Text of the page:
INTRODUCTION

1. THE METHOD OF QUAKER HISTORY

QUAKER history involved many elements, each of which may conceivably be given the primary emphasis. The biographical interest is naturally prominent. Quaker history is the creation of its great leaders. A religion of the spirit expresses itself primarily through the personalities of men and women. Its method is the method of incarnation. The Quaker organization has been relatively unimportant except to serve as a nursery of sensitive and adventurous souls, and to carry on and perpetuate their concerns and principles. A large part, almost a preponderating part, of the Quaker historian's source materials is found in journals, memoirs and correspondence. The early histories, especially Sewel's and Bowden's, were largely extracts from the biographies of the founders. The biographical element must always be prominent in any true presentation of Quaker history.

Another element that bulks large in all Christian history is church organization. With some religious bodies it is the prominent element -- the organization dominating, using and eclipsing to a large extent the personal interests. Such is not the case with Friends; yet the Society as an organization has a history, embracing its constitution, its rules of discipline, its separations and its official activities. The minutes of yearly, quarterly and monthly meetings are a rich mine of source material for the history of organized Quakerism.

The history of a religious denomination may also be

-xv-

Notes for this page

Add a new note
If you are trying to select text to create highlights or citations, remember that you must now click or tap on the first word, and then click or tap on the last word.
Loading One moment ...
Project items
Notes
Cite this page

Cited page

Style
Citations are available only to our active members.
Sign up now to cite pages or passages in MLA, APA and Chicago citation styles.

Cited page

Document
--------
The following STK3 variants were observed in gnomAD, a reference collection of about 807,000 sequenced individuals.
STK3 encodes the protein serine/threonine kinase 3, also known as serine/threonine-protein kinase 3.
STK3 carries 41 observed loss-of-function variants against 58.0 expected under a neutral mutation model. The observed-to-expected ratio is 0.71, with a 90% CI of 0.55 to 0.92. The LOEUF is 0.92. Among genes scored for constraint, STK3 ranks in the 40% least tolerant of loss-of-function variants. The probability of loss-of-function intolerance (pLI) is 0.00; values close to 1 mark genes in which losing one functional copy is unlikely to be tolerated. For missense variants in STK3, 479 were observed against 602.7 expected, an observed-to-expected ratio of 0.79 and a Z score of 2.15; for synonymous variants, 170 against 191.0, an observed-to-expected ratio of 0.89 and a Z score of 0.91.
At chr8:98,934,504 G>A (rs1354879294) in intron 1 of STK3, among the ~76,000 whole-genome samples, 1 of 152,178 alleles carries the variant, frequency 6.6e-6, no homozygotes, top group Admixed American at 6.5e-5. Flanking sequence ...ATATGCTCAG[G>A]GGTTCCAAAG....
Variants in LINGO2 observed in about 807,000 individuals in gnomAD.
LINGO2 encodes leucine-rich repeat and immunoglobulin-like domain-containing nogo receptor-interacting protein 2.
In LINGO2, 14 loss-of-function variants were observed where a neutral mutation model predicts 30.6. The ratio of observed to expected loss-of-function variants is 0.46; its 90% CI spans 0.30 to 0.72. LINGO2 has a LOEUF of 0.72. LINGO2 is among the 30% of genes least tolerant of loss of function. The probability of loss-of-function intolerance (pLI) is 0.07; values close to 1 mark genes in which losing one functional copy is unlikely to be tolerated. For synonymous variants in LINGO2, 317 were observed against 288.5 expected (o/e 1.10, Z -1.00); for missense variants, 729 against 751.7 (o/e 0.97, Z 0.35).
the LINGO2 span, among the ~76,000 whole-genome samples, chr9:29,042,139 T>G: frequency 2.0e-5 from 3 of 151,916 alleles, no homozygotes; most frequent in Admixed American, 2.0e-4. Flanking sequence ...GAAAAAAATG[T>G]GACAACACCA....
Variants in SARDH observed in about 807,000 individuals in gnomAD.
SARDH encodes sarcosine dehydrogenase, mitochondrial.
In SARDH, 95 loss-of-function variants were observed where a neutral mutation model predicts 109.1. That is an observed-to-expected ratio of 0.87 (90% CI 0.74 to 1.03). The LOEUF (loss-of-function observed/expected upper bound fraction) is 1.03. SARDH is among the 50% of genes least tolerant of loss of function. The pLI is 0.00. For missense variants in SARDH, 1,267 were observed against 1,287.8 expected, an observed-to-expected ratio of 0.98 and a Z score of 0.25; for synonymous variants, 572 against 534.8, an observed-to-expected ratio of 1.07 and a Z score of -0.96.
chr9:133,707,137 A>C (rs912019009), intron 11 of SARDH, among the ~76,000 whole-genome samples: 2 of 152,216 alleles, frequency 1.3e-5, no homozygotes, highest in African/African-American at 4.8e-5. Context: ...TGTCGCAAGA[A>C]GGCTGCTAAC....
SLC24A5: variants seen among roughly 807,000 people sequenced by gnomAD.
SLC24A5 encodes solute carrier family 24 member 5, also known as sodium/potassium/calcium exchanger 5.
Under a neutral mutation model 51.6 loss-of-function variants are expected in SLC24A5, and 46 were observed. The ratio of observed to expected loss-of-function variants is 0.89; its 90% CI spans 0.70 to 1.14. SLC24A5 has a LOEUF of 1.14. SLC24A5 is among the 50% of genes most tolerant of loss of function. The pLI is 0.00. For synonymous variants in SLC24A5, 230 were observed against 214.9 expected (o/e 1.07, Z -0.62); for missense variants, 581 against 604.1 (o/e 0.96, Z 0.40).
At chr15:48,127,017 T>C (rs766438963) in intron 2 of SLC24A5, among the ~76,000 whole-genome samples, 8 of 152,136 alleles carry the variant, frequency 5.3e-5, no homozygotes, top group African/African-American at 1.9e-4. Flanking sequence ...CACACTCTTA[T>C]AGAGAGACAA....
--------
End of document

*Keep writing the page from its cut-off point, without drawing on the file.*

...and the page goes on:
Bookmark this page
The History of Quakerism
Table of contents

Table of contents

Settings

Settings

Typeface
Text size Smaller Larger
Search within

Search within this book

Look up

Look up a word

  • Dictionary
  • Thesaurus
Please submit a word or phrase above.
Print this page

Print this page

Why can't I print more than one page at a time?

While we understand printed pages are helpful to our users, this limitation is necessary to help protect our publishers' copyrighted material and prevent its unlawful distribution. We are sorry for any inconvenience.
Full screen
/ 586

matching results for page

Cited passage

Style
Citations are available only to our active members.
Sign up now to cite pages or passages in MLA, APA and Chicago citation styles.

Cited passage

Welcome to the new Questia Reader

The Questia Reader has been updated to provide you with an even better online reading experience.  It is now 100% Responsive, which means you can read our books and articles on any sized device you wish.  All of your favorite tools like notes, highlights, and citations are still here, but the way you select text has been updated to be easier to use, especially on touchscreen devices.  Here's how:

1. Click or tap the first word you want to select.
2. Click or tap the last word you want to select.

OK, got it!

Thanks for trying Questia!

Please continue trying out our research tools, but please note, full functionality is available only to our active members.

Your work will be lost once you leave this Web page.

For full access in an ad-free environment, sign up now for a FREE, 1-day trial.

Already a member? Log in now.

Are you sure you want to delete this highlight?